Saturday, March 13, 2021

Take Me for a Ride

Started off a quick, sunny morning with breakfast and the original My Little Pony special, Rescue at Nightmare Castle. When two of her friends are captured by an evil demon who wants to turn them into dragons to pull his chariot, feisty Pegasus pony Firefly (Sandy Duncan) heads to Earth to get help. She comes back with Meghan, a young girl who protests she isn't what they need. Meghan's a lot tougher than she claims, especially with the help of the Rainbow of Light the ponies pick up from the Moochick (Tony Randall).

Got up later than I should have and got a later start calling Uber. They originally said the driver would be there in six minutes...then suddenly, when I checked seven minutes later, it was twelve minutes! Even with the drivers going the right way, I was still ten minutes late to work.

Thankfully, that was the worst thing that happened all day. We were on-and-off steady at work, but never overwhelmingly busy. There were a few fussy customers, but most were in good moods, happy to be enjoying decent weather after our long messy winter. I didn't have a relief; a manager was nice enough to come in and finish a customer so I could get out on time.

It cleared out enough by 3 that grocery shopping was no trouble at all. The Acme's having one of their periodic "Buck a bag" vegetable sales. I grabbed cherry tomatoes, celery, bananas, a grapefruit, those baked pea snacks I like, and a bag of cole slaw and a potato to make Irish Chicken Stew on Wednesday. Picked up raisins for Irish Soda Bread and breaded flounder for dinner tonight. Restocked milk, fruit bars, whole wheat flour, butter, and ground turkey.

Not thrilled with my schedule next week. Very early and long day tomorrow, and I work at the register on Wednesday as well as the weekends. One of the regular cashiers went on vacation this week. Not to mention, my next day off isn't until Thursday, though I have Thursday and Friday off, the former for counseling.

Had a hard time getting a ride home. It took me three tries, and the lady couldn't get there for 22 minutes. Thankfully, unlike the one in the morning, she didn't make me wait any longer than that, and was pretty apologetic about it when she did arrive.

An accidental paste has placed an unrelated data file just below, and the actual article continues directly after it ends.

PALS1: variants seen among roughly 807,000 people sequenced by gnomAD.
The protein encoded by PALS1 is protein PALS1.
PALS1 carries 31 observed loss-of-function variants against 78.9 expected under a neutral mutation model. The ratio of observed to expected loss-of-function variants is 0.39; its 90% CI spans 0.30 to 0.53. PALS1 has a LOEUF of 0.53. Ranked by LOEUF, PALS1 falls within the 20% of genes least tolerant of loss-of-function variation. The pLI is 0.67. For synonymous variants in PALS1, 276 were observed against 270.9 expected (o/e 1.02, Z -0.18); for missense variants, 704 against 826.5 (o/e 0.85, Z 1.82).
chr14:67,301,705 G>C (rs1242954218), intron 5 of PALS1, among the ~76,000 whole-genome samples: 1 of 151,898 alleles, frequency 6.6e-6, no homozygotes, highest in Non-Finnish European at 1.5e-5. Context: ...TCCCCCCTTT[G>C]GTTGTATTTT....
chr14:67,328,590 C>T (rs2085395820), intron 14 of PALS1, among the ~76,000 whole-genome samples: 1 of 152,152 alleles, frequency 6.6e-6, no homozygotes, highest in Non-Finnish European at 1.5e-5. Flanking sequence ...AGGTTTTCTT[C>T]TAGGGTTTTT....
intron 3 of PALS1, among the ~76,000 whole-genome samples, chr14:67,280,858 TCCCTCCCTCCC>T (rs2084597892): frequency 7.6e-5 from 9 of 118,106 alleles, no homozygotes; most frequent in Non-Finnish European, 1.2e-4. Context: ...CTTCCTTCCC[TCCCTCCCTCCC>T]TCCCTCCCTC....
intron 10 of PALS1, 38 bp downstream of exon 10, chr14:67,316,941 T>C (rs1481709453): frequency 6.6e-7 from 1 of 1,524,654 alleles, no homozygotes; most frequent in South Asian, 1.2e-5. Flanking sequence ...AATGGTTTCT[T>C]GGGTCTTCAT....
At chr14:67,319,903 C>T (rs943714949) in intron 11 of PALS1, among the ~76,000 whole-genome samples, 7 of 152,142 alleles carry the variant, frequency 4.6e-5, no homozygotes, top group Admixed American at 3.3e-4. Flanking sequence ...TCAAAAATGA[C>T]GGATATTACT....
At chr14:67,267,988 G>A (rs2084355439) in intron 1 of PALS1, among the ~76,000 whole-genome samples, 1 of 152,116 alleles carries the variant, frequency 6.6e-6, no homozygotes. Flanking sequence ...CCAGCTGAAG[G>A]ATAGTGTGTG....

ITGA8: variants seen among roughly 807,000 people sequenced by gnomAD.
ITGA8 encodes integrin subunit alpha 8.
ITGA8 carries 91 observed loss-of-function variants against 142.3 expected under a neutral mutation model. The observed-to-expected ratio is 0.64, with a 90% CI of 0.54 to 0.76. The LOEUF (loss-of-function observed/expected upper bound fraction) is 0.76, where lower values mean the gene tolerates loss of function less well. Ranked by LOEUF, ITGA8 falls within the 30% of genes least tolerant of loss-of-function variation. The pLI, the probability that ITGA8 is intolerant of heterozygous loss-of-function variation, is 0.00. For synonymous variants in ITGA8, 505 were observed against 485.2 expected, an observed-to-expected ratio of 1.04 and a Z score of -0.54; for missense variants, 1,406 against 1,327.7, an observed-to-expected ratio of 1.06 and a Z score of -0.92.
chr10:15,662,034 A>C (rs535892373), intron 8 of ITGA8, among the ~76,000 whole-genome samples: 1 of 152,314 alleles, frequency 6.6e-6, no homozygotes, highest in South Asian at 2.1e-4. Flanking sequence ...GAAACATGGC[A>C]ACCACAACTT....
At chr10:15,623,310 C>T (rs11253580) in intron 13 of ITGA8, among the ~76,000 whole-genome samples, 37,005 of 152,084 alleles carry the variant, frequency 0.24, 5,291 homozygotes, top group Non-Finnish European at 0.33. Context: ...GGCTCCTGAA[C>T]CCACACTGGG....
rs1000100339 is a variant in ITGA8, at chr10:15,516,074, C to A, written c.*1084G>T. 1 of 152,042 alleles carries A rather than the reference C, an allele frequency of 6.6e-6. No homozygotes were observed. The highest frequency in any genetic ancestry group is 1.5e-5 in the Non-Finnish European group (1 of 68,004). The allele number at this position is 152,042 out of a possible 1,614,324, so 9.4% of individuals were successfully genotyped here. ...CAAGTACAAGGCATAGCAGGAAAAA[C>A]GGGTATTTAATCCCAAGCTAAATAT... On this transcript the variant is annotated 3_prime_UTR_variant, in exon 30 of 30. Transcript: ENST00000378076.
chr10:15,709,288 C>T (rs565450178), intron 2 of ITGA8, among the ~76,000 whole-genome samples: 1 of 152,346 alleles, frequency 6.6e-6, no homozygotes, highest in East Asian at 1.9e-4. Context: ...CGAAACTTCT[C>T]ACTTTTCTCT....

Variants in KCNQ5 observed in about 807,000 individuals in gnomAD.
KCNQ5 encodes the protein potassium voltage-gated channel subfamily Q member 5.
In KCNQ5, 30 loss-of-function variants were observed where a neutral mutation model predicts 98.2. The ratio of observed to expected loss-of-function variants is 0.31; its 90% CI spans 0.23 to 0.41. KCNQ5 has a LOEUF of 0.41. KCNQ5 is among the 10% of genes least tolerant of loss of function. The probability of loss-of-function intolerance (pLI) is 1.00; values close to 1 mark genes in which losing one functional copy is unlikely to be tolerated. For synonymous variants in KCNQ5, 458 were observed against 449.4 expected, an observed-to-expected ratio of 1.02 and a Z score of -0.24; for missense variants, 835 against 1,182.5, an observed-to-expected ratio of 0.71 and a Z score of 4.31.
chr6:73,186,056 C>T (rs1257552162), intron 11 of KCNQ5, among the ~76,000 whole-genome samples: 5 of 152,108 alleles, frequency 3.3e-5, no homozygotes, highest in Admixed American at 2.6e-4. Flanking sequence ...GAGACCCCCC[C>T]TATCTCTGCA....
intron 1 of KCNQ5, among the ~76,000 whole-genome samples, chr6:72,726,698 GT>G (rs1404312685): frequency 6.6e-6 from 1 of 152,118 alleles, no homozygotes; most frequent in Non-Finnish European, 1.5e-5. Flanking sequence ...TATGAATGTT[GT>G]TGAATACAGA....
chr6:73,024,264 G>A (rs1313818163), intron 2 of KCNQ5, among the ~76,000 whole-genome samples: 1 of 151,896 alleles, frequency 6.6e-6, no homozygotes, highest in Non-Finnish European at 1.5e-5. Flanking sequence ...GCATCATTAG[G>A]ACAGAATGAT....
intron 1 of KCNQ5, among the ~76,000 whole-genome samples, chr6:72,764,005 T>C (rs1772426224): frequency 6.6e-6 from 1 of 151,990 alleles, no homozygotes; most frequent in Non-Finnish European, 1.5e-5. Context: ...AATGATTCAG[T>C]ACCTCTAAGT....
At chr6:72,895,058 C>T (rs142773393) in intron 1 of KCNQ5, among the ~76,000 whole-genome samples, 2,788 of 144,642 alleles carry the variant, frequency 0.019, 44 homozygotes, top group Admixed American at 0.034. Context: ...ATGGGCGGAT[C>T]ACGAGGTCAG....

Put on Muppet Babies when I got in and started putting things away. "Lone Eagle" introduces Baby Sam the Eagle in a little star spangled sweater vest. He does enjoy hanging around with the kids, but really prefers reading on his own. The kids think he doesn't like them and do everything they can to try to get him to play with them. They form "The Fellowship of the Rainbow Yo-Yo" when they fear they won't be able to share a beautiful old yo-yo Nanny lets them play with and go on a quest to the top of a volcano to get rid of it.

Worked on writing after I changed and had a snack. Richard drops Robert off at the offices of The Match Up Times, then hits The Peacock Saloon for a whiskey. The bartender is a tall, nasal-voiced fellow with glasses and a dimple in his chin named Charles Nelson Reilly, who sends him to Marshal Gene Rayburn in search of a good job. 

Broke to make pan-fried breaded flounder, noodles, steamed green beans, and a spinach salad for dinner. Ate while watching Captain January. I go further into this nautical Shirley Temple vehicle at my Musical Dreams Movie Reviews blog. 

Finished the night online after I wrote my review with two episodes of The Lawrence Welk Show on YouTube. Of course, I had to watch the "Irish Show" from 1979, with the ladies in green peasant dresses and the men in vests, caps, and tweed jackets straight out of The Quiet Man. There's some outstanding dancing in this one, including two delightful Irish reels. "Fashions and Hits" showcases the clothes and songs of the 20's through 1971. The winners in this one are Bobby and Cissy's amazing jitterbug to "In the Mood," and the girls in 50's poodle skirts, joined by an unusually energetic Welk himself for the polka "Hoop Dee Doo."

1 comment:

Linda said...

I suspect the original script had January die at the end because he does so in the book. Victorian children experienced many deaths in their lifetimes, not just grandparents, but brothers and sisters, due to the terrible infant mortality rates back then. Death was considered just another "fact of life" back then, and novels like this often ended with someone dying, including the child protagonist!

Some interesting facts about the author of the book: this was Laura E. Richards, a noted writer in her day for both children and adults (she published a memoir of her childhood in "St. Nicholas" magazine). Her father was Samuel Gridley Howe, the founder of the Perkins Institute for the Blind in Boston, MA, which was one of the first schools for blind people that assumed that they were not just helpless individuals who would have to be cared for by family all their life--they learned Braille, how to do many things that people up to that time thought impossible (like feed themselves), and also how to knit, sew, crochet, and make fishing nets. He figured out a way to teach Laura Bridgeman, a little girl who was both blind and deaf, and paved the way for the education Anne Sullivan gave to Helen Keller (Anne attended the Perkins school because she was nearly blind from trachoma before a series of operations gave her most of her sight back).

Laura Richards' mother was Julia Ward Howe, most famously known for having written the words to "The Battle Hymn of the Republic." Her mother was also an abolitionist and an advocate for women's suffrage, and suffered under the female social restraints of the day.